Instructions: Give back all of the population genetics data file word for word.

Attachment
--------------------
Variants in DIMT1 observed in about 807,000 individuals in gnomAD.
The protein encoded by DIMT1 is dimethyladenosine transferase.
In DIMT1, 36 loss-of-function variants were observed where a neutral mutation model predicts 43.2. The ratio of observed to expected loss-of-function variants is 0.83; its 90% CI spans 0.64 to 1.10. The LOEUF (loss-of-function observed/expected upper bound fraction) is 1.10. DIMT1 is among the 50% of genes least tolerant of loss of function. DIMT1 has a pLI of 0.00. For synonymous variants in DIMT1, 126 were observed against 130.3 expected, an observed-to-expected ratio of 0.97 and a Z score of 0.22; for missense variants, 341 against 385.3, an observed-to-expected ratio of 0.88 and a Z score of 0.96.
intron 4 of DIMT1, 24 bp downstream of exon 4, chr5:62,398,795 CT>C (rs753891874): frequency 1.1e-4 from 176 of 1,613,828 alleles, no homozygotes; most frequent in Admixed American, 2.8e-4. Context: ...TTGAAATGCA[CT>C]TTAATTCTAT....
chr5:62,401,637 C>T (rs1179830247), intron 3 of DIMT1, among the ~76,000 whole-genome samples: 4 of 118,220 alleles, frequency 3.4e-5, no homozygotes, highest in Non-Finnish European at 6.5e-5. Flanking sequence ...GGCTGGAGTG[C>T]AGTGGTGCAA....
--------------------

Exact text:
Variants in DIMT1 observed in about 807,000 individuals in gnomAD.
The protein encoded by DIMT1 is dimethyladenosine transferase.
In DIMT1, 36 loss-of-function variants were observed where a neutral mutation model predicts 43.2. The ratio of observed to expected loss-of-function variants is 0.83; its 90% CI spans 0.64 to 1.10. The LOEUF (loss-of-function observed/expected upper bound fraction) is 1.10. DIMT1 is among the 50% of genes least tolerant of loss of function. DIMT1 has a pLI of 0.00. For synonymous variants in DIMT1, 126 were observed against 130.3 expected, an observed-to-expected ratio of 0.97 and a Z score of 0.22; for missense variants, 341 against 385.3, an observed-to-expected ratio of 0.88 and a Z score of 0.96.
intron 4 of DIMT1, 24 bp downstream of exon 4, chr5:62,398,795 CT>C (rs753891874): frequency 1.1e-4 from 176 of 1,613,828 alleles, no homozygotes; most frequent in Admixed American, 2.8e-4. Context: ...TTGAAATGCA[CT>C]TTAATTCTAT....
chr5:62,401,637 C>T (rs1179830247), intron 3 of DIMT1, among the ~76,000 whole-genome samples: 4 of 118,220 alleles, frequency 3.4e-5, no homozygotes, highest in Non-Finnish European at 6.5e-5. Flanking sequence ...GGCTGGAGTG[C>T]AGTGGTGCAA....